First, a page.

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he will learn as he goes along. and what we have to remember is that our security and that of europe depends on the atlantic alliance. this is notjust about the impact on british citizens. one of our closest allies has chosen to ban refugees and target muslims. and all he can say is that, well, it wouldn't be our policy. that is not good enough. has he urged the us administration to lift this order, to help refugees, and to stop targeting muslims? this order was signed on holocaust memorial day. for the sake of history, for heaven's sake, have the guts to speak out. as they say, it is open to mps on all sides of the house to come forward with yet fresh expressions of outrage
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about the presidential executive order. i have made my views... loud debate and they are entitled to it. ishare... i share the widespread disquiet, and i have made my views absolutely clear. i've said that it is divisive, and said it is wrong, and i've said that it stigmatises people on grounds of nationality. but what i will not do... what i will not do, which is what i think the party opposite would do, is disengage from conversations with our american friends and partners in such a way as to do material damage to the interests of uk citizens. given our new—found closeness with the trump administration, what plans does my right honourable friend have to try and persuade the administration after the 90 days to abandon what, to many, is a despicable and immoral policy? and would my right honourable friend
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agree, in paraphrasing a far wiser president, john f. kennedy, that those that ride on the back of a tiger end up inside it? well said, burnsey! sir simon burns. the condemnation of donald trump's actions continued into the evening after the speaker granted an emergency debate. it was requested by the former labour leader ed miliband, who said the travel ban brought to mind the actions of "tin pot dictatorships". also sponsoring the debate was the conservative nadhim zahawi, who was born in iraq and who was personally affected by the restrictions. the only way of understanding this ban when you look at it, mr speaker, is that it does represent the suspension of reason and rationality. indeed, it has perversity, discrimination and divisiveness at its heart. i'm always grateful to my right honourable friend, but one of the key aspects is the dramatic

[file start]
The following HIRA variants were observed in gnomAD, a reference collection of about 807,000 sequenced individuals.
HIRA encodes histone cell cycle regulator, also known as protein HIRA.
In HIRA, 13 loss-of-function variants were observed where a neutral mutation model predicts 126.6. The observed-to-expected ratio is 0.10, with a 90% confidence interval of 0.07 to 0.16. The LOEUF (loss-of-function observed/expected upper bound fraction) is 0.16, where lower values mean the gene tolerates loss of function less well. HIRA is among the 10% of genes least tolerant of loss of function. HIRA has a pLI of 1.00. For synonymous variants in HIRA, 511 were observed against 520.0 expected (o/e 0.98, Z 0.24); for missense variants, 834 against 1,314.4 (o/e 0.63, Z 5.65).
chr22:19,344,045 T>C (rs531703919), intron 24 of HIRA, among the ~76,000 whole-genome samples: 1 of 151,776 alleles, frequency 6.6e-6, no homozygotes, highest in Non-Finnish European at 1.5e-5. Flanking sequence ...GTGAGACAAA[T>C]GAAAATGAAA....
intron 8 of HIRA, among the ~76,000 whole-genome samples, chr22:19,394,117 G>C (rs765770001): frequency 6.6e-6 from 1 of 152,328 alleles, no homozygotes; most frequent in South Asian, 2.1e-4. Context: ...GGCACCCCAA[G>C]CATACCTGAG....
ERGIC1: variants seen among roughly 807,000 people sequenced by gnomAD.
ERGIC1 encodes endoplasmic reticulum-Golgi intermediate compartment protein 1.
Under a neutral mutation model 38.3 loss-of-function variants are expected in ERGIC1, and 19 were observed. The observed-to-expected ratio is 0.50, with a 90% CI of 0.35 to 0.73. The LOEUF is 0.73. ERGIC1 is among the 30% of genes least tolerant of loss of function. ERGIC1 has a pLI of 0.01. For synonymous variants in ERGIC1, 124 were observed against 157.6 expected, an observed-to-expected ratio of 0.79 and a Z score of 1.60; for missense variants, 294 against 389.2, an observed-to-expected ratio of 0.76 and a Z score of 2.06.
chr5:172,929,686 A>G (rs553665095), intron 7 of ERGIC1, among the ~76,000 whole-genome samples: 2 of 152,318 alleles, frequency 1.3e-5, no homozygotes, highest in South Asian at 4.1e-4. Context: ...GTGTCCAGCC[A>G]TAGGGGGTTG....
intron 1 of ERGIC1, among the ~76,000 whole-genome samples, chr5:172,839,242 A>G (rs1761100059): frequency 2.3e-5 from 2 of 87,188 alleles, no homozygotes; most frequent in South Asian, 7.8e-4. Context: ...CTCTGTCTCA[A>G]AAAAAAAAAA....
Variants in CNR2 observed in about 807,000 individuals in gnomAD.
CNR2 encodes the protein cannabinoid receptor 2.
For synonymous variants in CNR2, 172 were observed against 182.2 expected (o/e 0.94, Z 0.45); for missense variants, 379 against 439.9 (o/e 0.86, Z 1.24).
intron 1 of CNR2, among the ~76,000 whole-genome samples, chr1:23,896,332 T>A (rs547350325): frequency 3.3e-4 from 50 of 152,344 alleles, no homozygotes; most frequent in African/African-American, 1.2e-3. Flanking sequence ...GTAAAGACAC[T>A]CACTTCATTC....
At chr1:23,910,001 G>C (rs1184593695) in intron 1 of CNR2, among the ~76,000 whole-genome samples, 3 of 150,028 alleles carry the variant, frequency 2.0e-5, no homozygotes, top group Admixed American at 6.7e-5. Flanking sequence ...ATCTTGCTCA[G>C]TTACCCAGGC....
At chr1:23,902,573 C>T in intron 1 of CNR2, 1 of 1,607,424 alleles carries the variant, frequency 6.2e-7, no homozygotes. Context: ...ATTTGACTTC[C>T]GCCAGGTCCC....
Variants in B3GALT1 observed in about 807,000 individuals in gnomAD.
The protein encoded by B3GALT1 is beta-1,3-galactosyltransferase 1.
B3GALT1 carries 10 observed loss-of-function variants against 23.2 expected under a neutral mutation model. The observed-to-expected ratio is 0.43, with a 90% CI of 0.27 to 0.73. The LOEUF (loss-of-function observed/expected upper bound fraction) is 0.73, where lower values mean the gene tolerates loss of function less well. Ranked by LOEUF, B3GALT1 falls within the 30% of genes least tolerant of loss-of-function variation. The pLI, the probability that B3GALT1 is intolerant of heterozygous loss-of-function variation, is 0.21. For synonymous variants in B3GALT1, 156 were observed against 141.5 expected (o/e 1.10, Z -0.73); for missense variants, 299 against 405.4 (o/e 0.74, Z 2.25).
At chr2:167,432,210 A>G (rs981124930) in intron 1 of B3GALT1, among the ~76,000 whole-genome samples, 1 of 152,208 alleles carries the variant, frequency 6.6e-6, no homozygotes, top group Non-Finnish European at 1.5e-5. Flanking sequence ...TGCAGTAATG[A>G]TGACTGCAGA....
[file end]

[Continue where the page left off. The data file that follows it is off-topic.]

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affect it has on those who had boarded aircraft ready to go to the united states with valid visas, only to arrive and being told that they have to go back. it is that physical, that emotional effect that is the most damning part of what is being proposed. my right honourable friend speaks with great eloquence on this issue, and indeed the wider issues raised. one of the most chilling things i've found, and i'm sure other members did as well, reading the account at the weekend of what had happened to individuals, which frankly sounded like the actions of tinpot the leadership. it did not sound like what we would expect or hope for from the united states. the us has always been our oldest and closest ally. some people will say this is not a matterfor us, as long as our citizens are protected. i profoundly disagree. it absolutely is a matter for us. because the fundamental and dangerous betrayal of values this measure represents is indeed an affront to all of us. it is an affront to the muslims
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living in this country, to every citizen of this country. and, as i have said, it will make the world a more dangerous place. mr speaker, if we allow this to stand and we shrug our shoulders, it will amount to complicity with president trump. these actions are not normal, rational or sensible. we know, mr speaker, president trump is a bully. the only course of action in relation to his bullying is to stand up and be counted. nadhim zahawi was born in iraq and is now a british citizen. he described how uncomfortable the weekend had been for him and his family. i learnt that my ability to travel to the united states was to be denied to me. a country that i revere so much for its values, with which i have such great affinity and affection and admiration, and to which i have